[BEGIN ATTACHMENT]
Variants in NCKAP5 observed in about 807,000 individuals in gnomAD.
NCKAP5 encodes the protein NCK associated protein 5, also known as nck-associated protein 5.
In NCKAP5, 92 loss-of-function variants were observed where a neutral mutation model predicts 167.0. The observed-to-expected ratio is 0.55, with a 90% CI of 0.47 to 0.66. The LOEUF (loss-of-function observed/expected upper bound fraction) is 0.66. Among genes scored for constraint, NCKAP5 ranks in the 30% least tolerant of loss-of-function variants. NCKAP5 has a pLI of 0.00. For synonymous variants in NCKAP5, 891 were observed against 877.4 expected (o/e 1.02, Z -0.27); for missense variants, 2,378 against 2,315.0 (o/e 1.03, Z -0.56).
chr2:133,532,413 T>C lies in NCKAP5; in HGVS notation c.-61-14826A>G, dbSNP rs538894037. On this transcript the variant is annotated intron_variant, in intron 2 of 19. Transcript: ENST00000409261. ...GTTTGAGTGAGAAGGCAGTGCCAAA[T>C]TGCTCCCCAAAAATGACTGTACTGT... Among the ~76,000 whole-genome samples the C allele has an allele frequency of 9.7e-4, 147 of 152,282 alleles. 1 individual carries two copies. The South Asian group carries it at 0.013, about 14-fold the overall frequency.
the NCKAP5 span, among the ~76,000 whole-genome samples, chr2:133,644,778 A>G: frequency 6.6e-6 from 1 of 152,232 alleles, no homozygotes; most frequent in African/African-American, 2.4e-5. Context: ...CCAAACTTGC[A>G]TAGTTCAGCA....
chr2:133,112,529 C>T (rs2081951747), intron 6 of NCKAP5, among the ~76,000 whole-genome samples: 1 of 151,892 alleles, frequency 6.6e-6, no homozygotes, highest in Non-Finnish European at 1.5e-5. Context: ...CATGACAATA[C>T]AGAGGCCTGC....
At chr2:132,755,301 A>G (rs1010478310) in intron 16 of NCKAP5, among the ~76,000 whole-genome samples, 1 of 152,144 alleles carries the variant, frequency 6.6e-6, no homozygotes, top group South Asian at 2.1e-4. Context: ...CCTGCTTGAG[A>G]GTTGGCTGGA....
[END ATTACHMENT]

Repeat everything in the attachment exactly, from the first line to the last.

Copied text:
Variants in NCKAP5 observed in about 807,000 individuals in gnomAD.
NCKAP5 encodes the protein NCK associated protein 5, also known as nck-associated protein 5.
In NCKAP5, 92 loss-of-function variants were observed where a neutral mutation model predicts 167.0. The observed-to-expected ratio is 0.55, with a 90% CI of 0.47 to 0.66. The LOEUF (loss-of-function observed/expected upper bound fraction) is 0.66. Among genes scored for constraint, NCKAP5 ranks in the 30% least tolerant of loss-of-function variants. NCKAP5 has a pLI of 0.00. For synonymous variants in NCKAP5, 891 were observed against 877.4 expected (o/e 1.02, Z -0.27); for missense variants, 2,378 against 2,315.0 (o/e 1.03, Z -0.56).
chr2:133,532,413 T>C lies in NCKAP5; in HGVS notation c.-61-14826A>G, dbSNP rs538894037. On this transcript the variant is annotated intron_variant, in intron 2 of 19. Transcript: ENST00000409261. ...GTTTGAGTGAGAAGGCAGTGCCAAA[T>C]TGCTCCCCAAAAATGACTGTACTGT... Among the ~76,000 whole-genome samples the C allele has an allele frequency of 9.7e-4, 147 of 152,282 alleles. 1 individual carries two copies. The South Asian group carries it at 0.013, about 14-fold the overall frequency.
the NCKAP5 span, among the ~76,000 whole-genome samples, chr2:133,644,778 A>G: frequency 6.6e-6 from 1 of 152,232 alleles, no homozygotes; most frequent in African/African-American, 2.4e-5. Context: ...CCAAACTTGC[A>G]TAGTTCAGCA....
chr2:133,112,529 C>T (rs2081951747), intron 6 of NCKAP5, among the ~76,000 whole-genome samples: 1 of 151,892 alleles, frequency 6.6e-6, no homozygotes, highest in Non-Finnish European at 1.5e-5. Context: ...CATGACAATA[C>T]AGAGGCCTGC....
At chr2:132,755,301 A>G (rs1010478310) in intron 16 of NCKAP5, among the ~76,000 whole-genome samples, 1 of 152,144 alleles carries the variant, frequency 6.6e-6, no homozygotes, top group South Asian at 2.1e-4. Context: ...CCTGCTTGAG[A>G]GTTGGCTGGA....